Scope of Investigation: The California Story
- On September 3, 1996, DCI John Deutch asked CIA IG Frederick P. Hitz to conduct an internal review of the allegations in the San Jose Mercury News series "because of the seriousness of the allegations and the need to resolve definitively any questions in this area . . . . " This review was to include all information in CIA's possession since 1980 relating to:
- Danilo Blandon, Juan Norwin Meneses Cantarero or Ricky Donnell Ross;
- Possible drug trafficking activities by the Contras in California or elsewhere in the United States, and what action, if any, CIA took upon receiving such information; and
- Any contacts between CIA and DEA, FBI, DoJ, U.S. Attorney's Offices, or other U.S. law enforcement agencies relating to these individuals and issues.
- In establishing the parameters of the investigation, the Office of Inspector General (OIG) decided that it was necessary to go beyond the scope of DCI Deutch's request in order to ensure thoroughness and completeness. Thus, it was determined that any information in CIA's possession, regardless of its date, concerning Blandon, Meneses and Ross, should be retrieved and reviewed. Further, any information in CIA's possession regarding possible drug trafficking activities by the Contras or CIA contacts with U.S. law enforcement agencies regarding such information during the entire "Contra era" should be retrieved and reviewed. In this regard, OIG defined the "Contra era" as the period in the early 1980s from the organization of groups in opposition to the installation of a Sandinista Government in 1979 through the period leading to the assumption of power by the first non-Sandinista President, Violetta Chamorro, in the spring of 1990. Thus, the Contra era under review in the investigation comprised the period from 1981 through 1989.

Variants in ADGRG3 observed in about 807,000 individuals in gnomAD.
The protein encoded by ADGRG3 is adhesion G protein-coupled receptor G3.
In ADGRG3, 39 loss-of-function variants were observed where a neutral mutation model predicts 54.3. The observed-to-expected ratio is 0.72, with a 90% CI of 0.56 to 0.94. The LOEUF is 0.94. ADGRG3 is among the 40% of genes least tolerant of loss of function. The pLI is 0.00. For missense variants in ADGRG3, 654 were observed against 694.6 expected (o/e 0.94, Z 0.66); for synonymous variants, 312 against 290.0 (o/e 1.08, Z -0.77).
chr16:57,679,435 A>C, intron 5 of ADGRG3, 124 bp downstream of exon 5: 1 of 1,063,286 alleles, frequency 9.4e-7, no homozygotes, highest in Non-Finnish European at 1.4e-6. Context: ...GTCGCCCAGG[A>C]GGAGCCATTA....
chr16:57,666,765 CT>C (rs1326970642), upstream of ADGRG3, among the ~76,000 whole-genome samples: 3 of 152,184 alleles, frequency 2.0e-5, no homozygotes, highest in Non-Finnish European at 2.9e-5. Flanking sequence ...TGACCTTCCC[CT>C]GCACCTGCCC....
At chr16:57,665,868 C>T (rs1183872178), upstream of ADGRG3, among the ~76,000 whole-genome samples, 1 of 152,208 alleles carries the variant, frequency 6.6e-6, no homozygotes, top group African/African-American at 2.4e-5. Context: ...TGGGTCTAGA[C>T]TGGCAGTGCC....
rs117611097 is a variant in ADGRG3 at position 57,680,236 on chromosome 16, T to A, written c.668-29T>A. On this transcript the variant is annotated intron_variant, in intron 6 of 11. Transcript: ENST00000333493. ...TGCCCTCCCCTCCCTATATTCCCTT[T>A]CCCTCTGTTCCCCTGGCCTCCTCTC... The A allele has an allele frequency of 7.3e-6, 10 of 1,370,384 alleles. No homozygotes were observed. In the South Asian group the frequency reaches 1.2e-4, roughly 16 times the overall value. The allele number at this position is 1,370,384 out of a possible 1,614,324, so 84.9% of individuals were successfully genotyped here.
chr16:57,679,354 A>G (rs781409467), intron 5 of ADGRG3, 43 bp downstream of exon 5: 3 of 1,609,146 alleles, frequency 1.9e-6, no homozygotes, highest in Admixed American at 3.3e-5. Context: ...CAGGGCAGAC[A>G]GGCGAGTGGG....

- Criteria were also developed by OIG in an effort to facilitate the identification and retrieval of any information in CIA's possession regarding drug trafficking by the Contras in California or elsewhere in the United States. Because drug trafficking activities might be reported without sufficient information to identify the eventual destination of the drugs, and since the United States was the leading consumer of drugs during the relevant time frame, any information regarding drug trafficking by persons associated with CIA or the Contras that was not related specifically to consumption in a foreign country was considered to be within the scope of this investigation. In addition, this investigation extended to any contact by CIA with any U.S. law enforcement agency regarding possible drug trafficking by persons associated with CIA in the Contra program or the Contras and was not limited to such contacts regarding drug trafficking where the United States was the known destination of the drugs.
- The investigation included review of any information in CIA's possession relating to CIA knowledge of drug trafficking allegations in regard to any person directly or indirectly involved in Contra activities and was not limited to official members of Contra organizations or to the leadership of those organizations. In addition, the investigation sought to examine any information in CIA's possession relating to allegations of drug trafficking by CIA assets and other individuals who were associated with CIA and dealt with the Contras, or by companies and individuals that were involved in providing support to Contra-related activities in Central America in the 1980s on behalf of CIA. Finally, the investigation included information in CIA's possession regarding how CIA handled and responded to information regarding allegations of drug trafficking by persons or companies in these categories.
- The investigation was not intended to prove or disprove allegations of drug trafficking by specific individuals or organizations. Further, the description in this Report of drug trafficking allegations involving any individual or organization does not represent any position by OIG regarding the veracity of the allegations. The investigation also was not intended to review or evaluate the effectiveness of any CIA covert action programs in Central America in the 1980s.
Posted: Apr 25, 2007 09:10 PM
Last Updated: Apr 25, 2007 09:10 PM